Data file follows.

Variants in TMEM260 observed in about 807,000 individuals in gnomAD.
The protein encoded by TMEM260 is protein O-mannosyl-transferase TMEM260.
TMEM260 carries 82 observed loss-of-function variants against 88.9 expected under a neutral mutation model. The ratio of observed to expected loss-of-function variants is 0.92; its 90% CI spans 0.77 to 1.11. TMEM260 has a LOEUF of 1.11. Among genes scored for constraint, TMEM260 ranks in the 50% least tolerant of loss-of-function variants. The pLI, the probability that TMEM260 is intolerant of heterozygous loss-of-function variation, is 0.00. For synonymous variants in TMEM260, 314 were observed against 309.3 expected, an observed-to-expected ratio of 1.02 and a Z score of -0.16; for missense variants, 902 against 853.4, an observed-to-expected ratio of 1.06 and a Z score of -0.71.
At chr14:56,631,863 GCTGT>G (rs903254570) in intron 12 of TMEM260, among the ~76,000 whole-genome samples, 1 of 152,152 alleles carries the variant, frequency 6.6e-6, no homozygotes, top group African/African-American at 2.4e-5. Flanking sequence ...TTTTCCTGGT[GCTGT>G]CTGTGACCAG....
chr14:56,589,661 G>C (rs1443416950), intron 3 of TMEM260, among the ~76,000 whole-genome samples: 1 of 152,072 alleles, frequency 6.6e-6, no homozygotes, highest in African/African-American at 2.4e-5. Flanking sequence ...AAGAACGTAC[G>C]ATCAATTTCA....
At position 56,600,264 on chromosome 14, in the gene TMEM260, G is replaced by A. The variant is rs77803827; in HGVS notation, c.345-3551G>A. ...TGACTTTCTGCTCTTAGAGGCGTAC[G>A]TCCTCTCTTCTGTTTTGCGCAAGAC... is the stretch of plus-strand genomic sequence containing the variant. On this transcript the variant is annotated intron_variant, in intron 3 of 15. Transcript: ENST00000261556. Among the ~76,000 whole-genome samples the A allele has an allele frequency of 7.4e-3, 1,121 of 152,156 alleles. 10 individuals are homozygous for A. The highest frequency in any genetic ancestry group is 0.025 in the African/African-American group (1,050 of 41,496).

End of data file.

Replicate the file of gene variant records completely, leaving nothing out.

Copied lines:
Variants in TMEM260 observed in about 807,000 individuals in gnomAD.
The protein encoded by TMEM260 is protein O-mannosyl-transferase TMEM260.
TMEM260 carries 82 observed loss-of-function variants against 88.9 expected under a neutral mutation model. The ratio of observed to expected loss-of-function variants is 0.92; its 90% CI spans 0.77 to 1.11. TMEM260 has a LOEUF of 1.11. Among genes scored for constraint, TMEM260 ranks in the 50% least tolerant of loss-of-function variants. The pLI, the probability that TMEM260 is intolerant of heterozygous loss-of-function variation, is 0.00. For synonymous variants in TMEM260, 314 were observed against 309.3 expected, an observed-to-expected ratio of 1.02 and a Z score of -0.16; for missense variants, 902 against 853.4, an observed-to-expected ratio of 1.06 and a Z score of -0.71.
At chr14:56,631,863 GCTGT>G (rs903254570) in intron 12 of TMEM260, among the ~76,000 whole-genome samples, 1 of 152,152 alleles carries the variant, frequency 6.6e-6, no homozygotes, top group African/African-American at 2.4e-5. Flanking sequence ...TTTTCCTGGT[GCTGT>G]CTGTGACCAG....
chr14:56,589,661 G>C (rs1443416950), intron 3 of TMEM260, among the ~76,000 whole-genome samples: 1 of 152,072 alleles, frequency 6.6e-6, no homozygotes, highest in African/African-American at 2.4e-5. Flanking sequence ...AAGAACGTAC[G>C]ATCAATTTCA....
At position 56,600,264 on chromosome 14, in the gene TMEM260, G is replaced by A. The variant is rs77803827; in HGVS notation, c.345-3551G>A. ...TGACTTTCTGCTCTTAGAGGCGTAC[G>A]TCCTCTCTTCTGTTTTGCGCAAGAC... is the stretch of plus-strand genomic sequence containing the variant. On this transcript the variant is annotated intron_variant, in intron 3 of 15. Transcript: ENST00000261556. Among the ~76,000 whole-genome samples the A allele has an allele frequency of 7.4e-3, 1,121 of 152,156 alleles. 10 individuals are homozygous for A. The highest frequency in any genetic ancestry group is 0.025 in the African/African-American group (1,050 of 41,496).